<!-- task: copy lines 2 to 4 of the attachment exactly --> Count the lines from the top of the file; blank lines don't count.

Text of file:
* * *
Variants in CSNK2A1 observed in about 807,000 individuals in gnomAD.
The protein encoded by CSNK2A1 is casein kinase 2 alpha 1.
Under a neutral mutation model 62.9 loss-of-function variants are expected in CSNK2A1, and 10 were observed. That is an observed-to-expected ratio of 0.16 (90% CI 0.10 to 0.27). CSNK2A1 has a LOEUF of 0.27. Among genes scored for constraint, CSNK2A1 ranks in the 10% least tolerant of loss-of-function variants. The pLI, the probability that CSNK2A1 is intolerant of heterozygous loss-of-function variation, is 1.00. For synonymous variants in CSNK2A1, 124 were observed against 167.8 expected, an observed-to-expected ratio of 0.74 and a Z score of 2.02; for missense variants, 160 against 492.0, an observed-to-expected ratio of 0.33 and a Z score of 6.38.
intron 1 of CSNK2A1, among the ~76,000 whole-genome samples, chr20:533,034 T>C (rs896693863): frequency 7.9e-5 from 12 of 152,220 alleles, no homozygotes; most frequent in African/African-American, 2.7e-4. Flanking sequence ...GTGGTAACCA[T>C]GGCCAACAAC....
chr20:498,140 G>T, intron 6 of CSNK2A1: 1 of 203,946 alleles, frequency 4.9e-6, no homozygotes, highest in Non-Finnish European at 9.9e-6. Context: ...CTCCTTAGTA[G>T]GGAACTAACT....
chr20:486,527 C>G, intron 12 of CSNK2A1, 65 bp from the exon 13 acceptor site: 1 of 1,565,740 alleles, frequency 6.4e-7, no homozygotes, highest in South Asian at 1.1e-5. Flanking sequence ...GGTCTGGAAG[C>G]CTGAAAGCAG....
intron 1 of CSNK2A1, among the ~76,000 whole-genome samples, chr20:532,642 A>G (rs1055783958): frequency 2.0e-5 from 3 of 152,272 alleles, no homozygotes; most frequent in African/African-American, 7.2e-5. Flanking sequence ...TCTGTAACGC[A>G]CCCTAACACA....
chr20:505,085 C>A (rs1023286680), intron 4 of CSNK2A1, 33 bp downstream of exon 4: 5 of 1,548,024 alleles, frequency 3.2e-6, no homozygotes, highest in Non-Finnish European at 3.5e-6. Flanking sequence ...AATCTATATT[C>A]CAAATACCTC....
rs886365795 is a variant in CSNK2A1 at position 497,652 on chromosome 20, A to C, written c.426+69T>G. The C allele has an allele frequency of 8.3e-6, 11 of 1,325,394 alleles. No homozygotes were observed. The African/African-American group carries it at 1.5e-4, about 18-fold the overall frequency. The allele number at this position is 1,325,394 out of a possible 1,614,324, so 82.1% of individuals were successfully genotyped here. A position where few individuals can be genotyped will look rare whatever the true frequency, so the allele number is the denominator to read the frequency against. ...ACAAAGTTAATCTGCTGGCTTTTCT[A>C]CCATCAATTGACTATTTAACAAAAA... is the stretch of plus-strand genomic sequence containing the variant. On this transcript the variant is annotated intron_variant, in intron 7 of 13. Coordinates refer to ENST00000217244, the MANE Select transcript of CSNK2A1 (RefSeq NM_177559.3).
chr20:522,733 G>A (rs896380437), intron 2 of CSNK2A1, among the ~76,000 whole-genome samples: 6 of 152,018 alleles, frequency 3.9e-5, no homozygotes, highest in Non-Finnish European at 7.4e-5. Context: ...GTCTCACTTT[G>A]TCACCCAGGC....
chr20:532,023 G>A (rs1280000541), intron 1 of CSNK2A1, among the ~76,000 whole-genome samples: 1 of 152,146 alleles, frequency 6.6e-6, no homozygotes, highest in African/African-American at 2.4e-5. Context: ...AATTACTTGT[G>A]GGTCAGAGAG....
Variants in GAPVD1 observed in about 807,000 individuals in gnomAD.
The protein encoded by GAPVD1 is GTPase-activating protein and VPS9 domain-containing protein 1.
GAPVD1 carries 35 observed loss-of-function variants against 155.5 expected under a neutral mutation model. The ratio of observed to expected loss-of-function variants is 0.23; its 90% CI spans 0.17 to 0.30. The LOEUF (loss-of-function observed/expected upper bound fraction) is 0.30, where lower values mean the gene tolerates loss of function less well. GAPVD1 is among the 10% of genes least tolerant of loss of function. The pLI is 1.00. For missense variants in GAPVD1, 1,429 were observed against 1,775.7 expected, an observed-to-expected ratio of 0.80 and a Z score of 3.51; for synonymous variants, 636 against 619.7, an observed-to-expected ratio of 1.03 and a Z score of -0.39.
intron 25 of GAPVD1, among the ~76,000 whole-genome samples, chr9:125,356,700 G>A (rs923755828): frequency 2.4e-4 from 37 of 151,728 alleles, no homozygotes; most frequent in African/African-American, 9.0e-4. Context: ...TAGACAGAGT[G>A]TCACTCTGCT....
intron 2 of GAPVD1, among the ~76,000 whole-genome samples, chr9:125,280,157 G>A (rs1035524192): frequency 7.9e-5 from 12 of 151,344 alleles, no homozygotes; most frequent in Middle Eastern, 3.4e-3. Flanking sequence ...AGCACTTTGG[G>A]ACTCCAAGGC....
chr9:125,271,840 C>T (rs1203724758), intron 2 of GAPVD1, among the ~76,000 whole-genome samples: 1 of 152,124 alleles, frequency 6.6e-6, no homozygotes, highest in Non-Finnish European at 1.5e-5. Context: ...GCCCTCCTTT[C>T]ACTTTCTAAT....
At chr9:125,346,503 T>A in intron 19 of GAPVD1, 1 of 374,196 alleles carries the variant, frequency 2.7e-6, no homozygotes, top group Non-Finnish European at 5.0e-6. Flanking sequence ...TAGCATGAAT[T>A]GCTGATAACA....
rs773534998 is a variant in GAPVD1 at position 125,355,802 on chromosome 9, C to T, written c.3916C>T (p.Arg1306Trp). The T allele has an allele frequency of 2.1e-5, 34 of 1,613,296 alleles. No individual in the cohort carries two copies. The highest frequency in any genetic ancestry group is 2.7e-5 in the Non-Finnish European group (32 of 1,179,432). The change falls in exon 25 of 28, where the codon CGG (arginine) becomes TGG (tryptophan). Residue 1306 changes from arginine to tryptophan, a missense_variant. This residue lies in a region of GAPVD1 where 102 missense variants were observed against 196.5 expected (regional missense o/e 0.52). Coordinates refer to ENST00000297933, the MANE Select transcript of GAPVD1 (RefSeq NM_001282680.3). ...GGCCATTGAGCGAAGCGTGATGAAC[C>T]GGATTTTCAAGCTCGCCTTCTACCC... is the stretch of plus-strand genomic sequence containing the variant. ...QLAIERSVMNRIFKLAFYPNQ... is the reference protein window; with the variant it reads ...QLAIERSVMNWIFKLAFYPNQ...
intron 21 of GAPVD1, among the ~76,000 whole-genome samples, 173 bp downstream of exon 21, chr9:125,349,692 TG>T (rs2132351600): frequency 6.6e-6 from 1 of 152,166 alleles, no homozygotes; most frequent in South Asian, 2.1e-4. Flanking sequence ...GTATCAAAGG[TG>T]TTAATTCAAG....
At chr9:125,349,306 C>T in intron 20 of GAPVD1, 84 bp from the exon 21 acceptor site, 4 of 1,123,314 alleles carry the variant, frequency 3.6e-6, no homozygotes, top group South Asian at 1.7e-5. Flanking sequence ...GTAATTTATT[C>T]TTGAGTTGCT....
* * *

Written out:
The protein encoded by CSNK2A1 is casein kinase 2 alpha 1.
Under a neutral mutation model 62.9 loss-of-function variants are expected in CSNK2A1, and 10 were observed. That is an observed-to-expected ratio of 0.16 (90% CI 0.10 to 0.27). CSNK2A1 has a LOEUF of 0.27. Among genes scored for constraint, CSNK2A1 ranks in the 10% least tolerant of loss-of-function variants. The pLI, the probability that CSNK2A1 is intolerant of heterozygous loss-of-function variation, is 1.00. For synonymous variants in CSNK2A1, 124 were observed against 167.8 expected, an observed-to-expected ratio of 0.74 and a Z score of 2.02; for missense variants, 160 against 492.0, an observed-to-expected ratio of 0.33 and a Z score of 6.38.
intron 1 of CSNK2A1, among the ~76,000 whole-genome samples, chr20:533,034 T>C (rs896693863): frequency 7.9e-5 from 12 of 152,220 alleles, no homozygotes; most frequent in African/African-American, 2.7e-4. Flanking sequence ...GTGGTAACCA[T>C]GGCCAACAAC....